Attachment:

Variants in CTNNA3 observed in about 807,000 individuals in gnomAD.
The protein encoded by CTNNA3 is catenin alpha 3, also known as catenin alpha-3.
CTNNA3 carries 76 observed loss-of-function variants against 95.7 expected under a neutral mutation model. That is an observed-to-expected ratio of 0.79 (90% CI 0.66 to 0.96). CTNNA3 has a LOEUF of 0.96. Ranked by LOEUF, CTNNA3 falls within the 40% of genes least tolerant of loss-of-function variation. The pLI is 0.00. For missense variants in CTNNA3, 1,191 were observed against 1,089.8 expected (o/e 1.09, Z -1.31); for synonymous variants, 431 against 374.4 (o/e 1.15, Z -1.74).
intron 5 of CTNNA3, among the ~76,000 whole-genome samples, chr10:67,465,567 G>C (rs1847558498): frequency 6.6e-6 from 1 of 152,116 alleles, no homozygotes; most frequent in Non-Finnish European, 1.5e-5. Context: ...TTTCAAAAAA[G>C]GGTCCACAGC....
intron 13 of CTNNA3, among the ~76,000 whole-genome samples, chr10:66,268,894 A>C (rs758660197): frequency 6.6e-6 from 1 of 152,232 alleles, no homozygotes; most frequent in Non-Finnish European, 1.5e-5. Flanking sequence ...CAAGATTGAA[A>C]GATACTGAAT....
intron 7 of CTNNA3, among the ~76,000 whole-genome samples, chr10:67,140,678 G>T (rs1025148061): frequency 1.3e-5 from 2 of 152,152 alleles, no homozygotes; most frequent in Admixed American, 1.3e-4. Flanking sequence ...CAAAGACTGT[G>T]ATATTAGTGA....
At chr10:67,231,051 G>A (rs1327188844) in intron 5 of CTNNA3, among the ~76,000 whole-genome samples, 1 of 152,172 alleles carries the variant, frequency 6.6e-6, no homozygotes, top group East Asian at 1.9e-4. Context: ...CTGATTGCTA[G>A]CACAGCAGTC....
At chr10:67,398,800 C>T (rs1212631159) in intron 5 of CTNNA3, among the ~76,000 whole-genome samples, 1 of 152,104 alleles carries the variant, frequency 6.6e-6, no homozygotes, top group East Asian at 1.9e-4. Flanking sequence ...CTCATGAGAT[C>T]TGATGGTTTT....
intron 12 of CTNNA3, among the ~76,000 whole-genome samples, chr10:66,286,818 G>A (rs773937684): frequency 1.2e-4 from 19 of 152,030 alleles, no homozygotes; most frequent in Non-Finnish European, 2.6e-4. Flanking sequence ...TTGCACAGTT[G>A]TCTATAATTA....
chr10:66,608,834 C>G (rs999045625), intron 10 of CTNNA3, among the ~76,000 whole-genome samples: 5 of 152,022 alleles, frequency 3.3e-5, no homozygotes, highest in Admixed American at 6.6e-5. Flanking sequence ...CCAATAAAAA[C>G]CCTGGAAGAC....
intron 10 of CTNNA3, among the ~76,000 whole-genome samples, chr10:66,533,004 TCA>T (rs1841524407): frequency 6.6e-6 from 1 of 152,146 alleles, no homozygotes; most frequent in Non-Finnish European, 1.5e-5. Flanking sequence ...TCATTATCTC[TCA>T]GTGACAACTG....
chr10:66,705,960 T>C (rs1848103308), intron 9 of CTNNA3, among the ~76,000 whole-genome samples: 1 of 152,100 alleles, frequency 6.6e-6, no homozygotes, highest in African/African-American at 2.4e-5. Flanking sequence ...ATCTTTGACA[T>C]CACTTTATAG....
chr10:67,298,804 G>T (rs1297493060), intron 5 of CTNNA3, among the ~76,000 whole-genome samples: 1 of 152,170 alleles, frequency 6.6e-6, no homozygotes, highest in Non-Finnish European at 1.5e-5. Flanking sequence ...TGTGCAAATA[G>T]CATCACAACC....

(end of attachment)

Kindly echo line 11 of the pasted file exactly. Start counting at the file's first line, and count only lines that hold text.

intron 10 of CTNNA3, among the ~76,000 whole-genome samples, chr10:66,533,004 TCA>T (rs1841524407): frequency 6.6e-6 from 1 of 152,146 alleles, no homozygotes; most frequent in Non-Finnish European, 1.5e-5. Flanking sequence ...TCATTATCTC[TCA>T]GTGACAACTG....